I resent it when I am treated like a number or statistic by a large corporation. What happened where the corporate world felt it was not important to offer a personal touch when dealing with customers? At least that has been my experience. This point was driven home by the bank that had my mortgage. When I decided to refinance with them, I never imagined I would spend the following 6 months in corporate hell. From denying my application due to a mistake they made, to giving me three different dollar amounts I would need at closing; the only way I could get someone to listen to me was to show up at one of the bank’s branches and let my dark side out, making a scene. This is not my usual modus operandi but I felt no respect from them. The premise for this movie was set up in a somewhat similar way: large energy company pitted against a small town. Matt Damon (We Bought a Zoo, The Adjustment Bureau) played Steve Butler, the company’s representative whose job was to buy up the drilling rights from the town’s homeowners. Joining him was his partner Sue Thomason, played beautifully by Frances McDormand (Almost Famous, Moonrise Kingdom). What the energy company expected to be an easy job was met with resistance from science teacher Frank Yates, played by Hal Holbrook (Lincoln, Into the Wild) and environmentalist Dustin Noble, played by John Krasinski (It’s Complicated, Big Miracle). With Matt and John having written the screenplay, I was hoping for a deeper developed story that provided more insight to both sides. Instead this movie was only a generic version of the proverbial David and Goliath story. The character of Alice, played by Rosemarie DeWitt (Rachel Getting Married, Your Sister’s Sister), rang false to me and changed the dynamics of the story, leading it to a poor ending. This film could have been better if they went with an edgier story; which would have made for a serious, dramatic movie.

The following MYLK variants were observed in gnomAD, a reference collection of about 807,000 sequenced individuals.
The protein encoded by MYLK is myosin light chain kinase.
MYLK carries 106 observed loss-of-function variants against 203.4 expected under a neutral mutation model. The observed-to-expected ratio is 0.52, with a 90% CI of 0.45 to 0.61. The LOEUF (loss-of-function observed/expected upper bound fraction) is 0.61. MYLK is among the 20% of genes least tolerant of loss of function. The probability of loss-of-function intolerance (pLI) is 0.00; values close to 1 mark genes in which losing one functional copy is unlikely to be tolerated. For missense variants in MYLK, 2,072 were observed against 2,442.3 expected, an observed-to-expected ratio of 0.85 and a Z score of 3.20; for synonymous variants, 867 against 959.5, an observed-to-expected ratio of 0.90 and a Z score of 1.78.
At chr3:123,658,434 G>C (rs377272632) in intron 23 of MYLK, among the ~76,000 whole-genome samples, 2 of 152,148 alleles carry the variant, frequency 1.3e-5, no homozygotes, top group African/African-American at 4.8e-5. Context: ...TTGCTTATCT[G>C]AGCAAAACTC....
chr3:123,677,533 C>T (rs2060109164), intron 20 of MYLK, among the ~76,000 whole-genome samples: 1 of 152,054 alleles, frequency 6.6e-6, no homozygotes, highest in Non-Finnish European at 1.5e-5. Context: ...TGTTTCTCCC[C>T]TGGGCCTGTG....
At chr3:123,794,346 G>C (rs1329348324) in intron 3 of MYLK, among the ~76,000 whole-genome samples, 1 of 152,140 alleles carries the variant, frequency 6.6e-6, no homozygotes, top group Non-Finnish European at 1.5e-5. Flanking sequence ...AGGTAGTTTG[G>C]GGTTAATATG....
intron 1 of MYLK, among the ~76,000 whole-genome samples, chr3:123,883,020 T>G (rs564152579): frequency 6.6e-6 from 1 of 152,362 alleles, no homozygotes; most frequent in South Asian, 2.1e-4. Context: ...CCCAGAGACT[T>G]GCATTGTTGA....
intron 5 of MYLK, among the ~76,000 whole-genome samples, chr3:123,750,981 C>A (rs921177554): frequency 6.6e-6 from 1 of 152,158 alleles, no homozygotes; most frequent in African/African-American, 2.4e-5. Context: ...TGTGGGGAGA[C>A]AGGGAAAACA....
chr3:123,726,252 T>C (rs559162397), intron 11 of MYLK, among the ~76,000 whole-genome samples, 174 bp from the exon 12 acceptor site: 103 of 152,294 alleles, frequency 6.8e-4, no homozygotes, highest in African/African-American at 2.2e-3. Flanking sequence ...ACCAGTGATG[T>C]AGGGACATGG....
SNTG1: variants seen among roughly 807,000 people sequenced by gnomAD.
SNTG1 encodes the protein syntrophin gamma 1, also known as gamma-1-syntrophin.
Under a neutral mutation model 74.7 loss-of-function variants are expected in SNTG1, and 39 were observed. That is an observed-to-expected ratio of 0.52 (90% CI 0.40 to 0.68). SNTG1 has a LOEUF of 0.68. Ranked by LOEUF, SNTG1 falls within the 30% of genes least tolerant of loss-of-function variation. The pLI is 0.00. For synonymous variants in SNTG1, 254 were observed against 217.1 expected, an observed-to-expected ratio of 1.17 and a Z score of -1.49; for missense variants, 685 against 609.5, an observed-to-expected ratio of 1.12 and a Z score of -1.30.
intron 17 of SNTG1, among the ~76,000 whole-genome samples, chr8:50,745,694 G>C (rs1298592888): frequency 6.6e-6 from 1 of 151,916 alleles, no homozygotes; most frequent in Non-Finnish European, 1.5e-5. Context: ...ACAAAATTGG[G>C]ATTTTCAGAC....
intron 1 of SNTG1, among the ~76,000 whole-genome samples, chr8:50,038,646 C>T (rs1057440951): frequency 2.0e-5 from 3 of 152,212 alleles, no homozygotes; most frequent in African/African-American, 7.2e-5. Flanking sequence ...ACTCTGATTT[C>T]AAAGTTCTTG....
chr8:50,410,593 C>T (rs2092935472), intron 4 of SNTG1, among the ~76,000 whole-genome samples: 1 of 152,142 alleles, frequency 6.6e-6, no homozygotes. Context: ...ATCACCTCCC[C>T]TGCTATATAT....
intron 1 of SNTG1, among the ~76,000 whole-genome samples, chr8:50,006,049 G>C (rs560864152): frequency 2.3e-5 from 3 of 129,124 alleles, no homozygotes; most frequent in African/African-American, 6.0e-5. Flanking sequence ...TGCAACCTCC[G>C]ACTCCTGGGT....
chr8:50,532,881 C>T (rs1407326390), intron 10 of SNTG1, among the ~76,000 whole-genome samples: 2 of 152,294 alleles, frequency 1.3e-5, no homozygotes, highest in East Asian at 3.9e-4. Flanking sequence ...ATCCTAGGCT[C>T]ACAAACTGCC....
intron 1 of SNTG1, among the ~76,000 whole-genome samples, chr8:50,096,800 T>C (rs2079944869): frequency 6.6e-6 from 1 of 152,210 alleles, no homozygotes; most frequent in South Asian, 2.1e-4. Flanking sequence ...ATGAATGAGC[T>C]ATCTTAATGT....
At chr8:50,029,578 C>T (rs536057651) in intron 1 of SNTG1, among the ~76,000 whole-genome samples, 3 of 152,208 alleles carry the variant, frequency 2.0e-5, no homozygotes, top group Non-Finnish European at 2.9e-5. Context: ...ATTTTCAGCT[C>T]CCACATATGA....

2 1/3 stars